By Cat HolmesThe University of GeorgiaMel Garber was named associate dean for extension in the University of Georgia College of Agricultural and Environmental Sciences in an announcement released today. The appointment is effective July 1.Garber will serve as senior administrator for the UGA Cooperative Extension Service (CES), said Gale Buchanan, dean and director of the CAES. The extension service is the university’s largest public service and outreach program, serving the state with a team of county extension agents and state specialists.Currently the director of the Georgia Center for Urban Agriculture and a horticulture professor at UGA, Garber will succeed Bobby L. Tyson, who is retiring.He will coordinate extension programs with research and teaching units of the UGA College of Agricultural and Environmental Sciences, College of Family and Consumer Sciences and Daniel B. Warnell School of Forest Resources.Garber’s appointment was the result of an international search, said Ivery Clifton, CAES senior associate dean and chair of the search committee.”We had two excellent candidates to choose from within the college,” Buchanan said. “Dr. Garber’s leadership positions in university, industry and community settings and his extensive teaching, research and extension experience demonstrate his ability to best lead the Cooperative Extension Service.””I met with both candidates for the position of associate dean for the UGA Cooperative Extension,” said UGA provost Arnett Mace. “I support Dean Buchanan’s selection of Dr. Garber, given the breadth of his experience and expertise applicable to this vital position.”The CES delivers educational information from the university to Georgians on topics including agriculture, horticulture, the environment, food, nutrition and child development. Extension also coordinates the state’s 4-H program.Garber grew up on a dairy farm in Louisiana, where his family still grows soybeans, milo and sweet potatoes. He earned an undergraduate degree from the University of Louisiana Lafayette and a doctorate in horticulture from Cornell University.His industry experience includes 13 years, with both research and business management positions, at Weyerhaeuser, one of the world’s largest integrated forest-products companies.After a stint at Iowa State University, Garber’s teaching and research work at UGA has focused on horticultural crops and developing the Georgia Center for Urban Agriculture (GCUA). The GCUA serves the state’s urban agricultural industries and consumers.(Cat Holmes is a science writer with the University of Georgia College of Agricultural and Environmental Sciences.)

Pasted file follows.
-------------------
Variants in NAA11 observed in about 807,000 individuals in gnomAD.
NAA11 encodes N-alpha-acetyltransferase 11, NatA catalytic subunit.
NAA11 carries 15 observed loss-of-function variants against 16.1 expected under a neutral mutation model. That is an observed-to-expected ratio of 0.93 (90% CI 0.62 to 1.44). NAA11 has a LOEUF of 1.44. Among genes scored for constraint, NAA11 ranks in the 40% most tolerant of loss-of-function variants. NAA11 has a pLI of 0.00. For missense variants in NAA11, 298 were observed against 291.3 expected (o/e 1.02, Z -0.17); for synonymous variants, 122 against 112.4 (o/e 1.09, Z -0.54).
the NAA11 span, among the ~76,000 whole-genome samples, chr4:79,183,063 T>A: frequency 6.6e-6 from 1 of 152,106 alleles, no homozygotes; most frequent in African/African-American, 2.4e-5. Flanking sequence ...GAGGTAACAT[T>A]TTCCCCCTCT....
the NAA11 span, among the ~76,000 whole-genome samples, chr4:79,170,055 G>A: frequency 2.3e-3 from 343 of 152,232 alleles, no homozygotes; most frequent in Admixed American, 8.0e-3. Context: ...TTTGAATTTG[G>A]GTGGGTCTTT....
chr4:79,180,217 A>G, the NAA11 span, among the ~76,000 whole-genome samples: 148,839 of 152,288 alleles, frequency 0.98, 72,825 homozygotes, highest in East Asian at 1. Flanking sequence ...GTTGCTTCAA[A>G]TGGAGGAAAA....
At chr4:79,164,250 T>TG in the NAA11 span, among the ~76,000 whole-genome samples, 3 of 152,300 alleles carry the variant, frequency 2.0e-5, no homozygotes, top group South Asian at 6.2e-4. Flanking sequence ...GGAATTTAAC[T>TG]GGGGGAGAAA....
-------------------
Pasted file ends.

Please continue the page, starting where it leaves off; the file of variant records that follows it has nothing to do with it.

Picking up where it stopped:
In March, we asked you, the loyal reader, to vote for a school of your choosing in our fourth annual Top Adventure College Tournament. Colleges and universities met in head-to-head match-ups in a 32-school bracket. The initial 32 colleges and universities were selected for their outdoor clubs and curricula, their commitment to outdoor and environmental initiatives, the quality of their outdoor athletes and programs, and their opportunities for adventure.Over 20,000 votes poured in—and school pride dominated our site for the duration of the contest. Each of the 32 schools in our bracket got lots of love, and for good reason: outdoor ed is thriving in the region. But one school in particular stood tall atop the heap when the feverish voting finally came to a halt.That school is Western Carolina University, a public college of about 10,000 students, tucked away in the mountains of western North Carolina.There are lots of things about WCU that make it an ideal school for the outdoor-minded student. It’s located close to renowned outdoors adventure havens like Great Smoky Mountains National Park and the Pisgah and Nantahala National Forests.Photo Courtesy of Mitch BeardenThese public lands afford WCU students quick and easy access to some of the best landscapes the southern Appalachians have to offer. But what really sets it apart from similar mountain schools are WCU’s outdoor resources, experience, and leadership.Josh Whitmore is the director of outdoor programs at WCU. A western North Carolina native, Whitmore has taught outdoor adventure skills in places like Montana and Patagonia. Now he heads up Base Camp Cullowhee, an outdoor program that has been flourishing at WCU since the mid 1980s.“We have a staff of three full-time employees and about 25 students who help us achieve our goals,” Whitmore said. “We organize trips and events in places like Colorado and Utah, but we focus heavily on our own backyard.”The trips that Base Camp Cullowhee organizes cater to all skill levels and range from whitewater kayaking in the area’s numerous mountain rivers to sky diving, rock climbing, hiking, and an annual Tuckasegee River clean up.“Over the years Base Camp Cullowhee has evolved from a small outdoor program within the recreation department to its own entity with over 9,000 participant experiences per year. In 2008 we completed a 2,100 square foot indoor rock climbing facility, and just a couple years ago we added a seven-mile multi-use trail system,” Whitmore said. “Our staff does a lot of great work, but the students are the ones that really run the show here.”One of those students is Mitch Bearden. He’s been a serious whitewater paddler for four years and says that WCU’s reputation as a top-notch outdoor school was one of the reasons he chose the university.Photo Courtesy of Mitch Bearden“Over the years, we have really differentiated ourselves from other mountain schools,” Bearden said. “We are within striking distance of some of the best paddling in the Southeast and have quick access to some of the area’s best trails.”Bearden says his favorite place to kayak near campus is Upper Big Creek in Great Smoky Mountains National Park.“You just can’t beat the scenery and the solitude of Upper Big Creek,” he said. “It’s challenging, but I love it.”Bearden has worked as a kayak instructor at Camp Timberlake for Boys in Asheville, a retail guide at the Nantahala Outdoor Center in Bryson City, and is now a guide for Basecamp Cullowhee. He says winning the Blue Ridge Outdoors Top Adventure College Tournament for the second consecutive year is a major source of pride for the university and its students.“It really means a lot to everyone,” he said. “We strive to brand ourselves around the outdoor lifestyle, and this is just confirmation that we are doing a good job of that.”A Close SecondWhile WCU may have taken the cake in this year’s Top College Contest, a fiery opponent gave the school a serious run for its money.Montreat College is a tiny school with an enrollment of just over 1,000, but it’s situated near four wilderness areas, four North Carolina state parks, several rivers, and the 14-mile trail that ascends Mount Mitchell, the tallest peak east of the Mississippi River.Photo Courtesy Montreat CollegeAmid this backdrop, Montreat has developed one of the best outdoor programs in the country.“The outdoor program started in the mid-1970s at what was then a junior college known as Montreat-Anderson,” said Chair of the Outdoor Education Department Brad Daniel. “It began as a two year associates Degree in Outdoor Recreation and a 20-day Outward Bound-type wilderness expedition called Discovery. The first Discovery expedition went out in 1976. In 2016 we will celebrate our 40th year of wilderness programming, making it one of the longer college-sponsored extended wilderness programs in the United States.”Daniel says the primary purpose of Montreat’s Outdoor Education (OE) program is to prepare students to rise up to the everyday challenges of life while molding some of them for careers in the outdoors industry.Like Josh Whitmore of WCU, he sees the students as the primary engine behind the success of Montreat’s Outdoor Education.“Many students cite Discovery as one of the most important experiences in the program,” he said.Student participant Daniel Harmon says the program has helped him grow by making him step outside his comfort zone.“The OE program has helped me grow by forcing me to become the leader I knew I could be,” he said. “Through the leading of small groups, I’ve found that that I can not only handle leadership, but I can make a difference in the lives of those I lead.”Daniel’s OE classmate Kara Smith says that her involvement in the OE program sparked a desire to pursue a career in the outdoor industry.“I think the significant experience would of course have to be Discovery,” she said. “I had never experienced the outdoors like that, and it really affirmed my desire to be an outdoor professional and show others the beauty of the natural world.”Congratulations to Western Carolina University and Montreat, and look for an extended feature highlighting regional outdoor education in our August issue.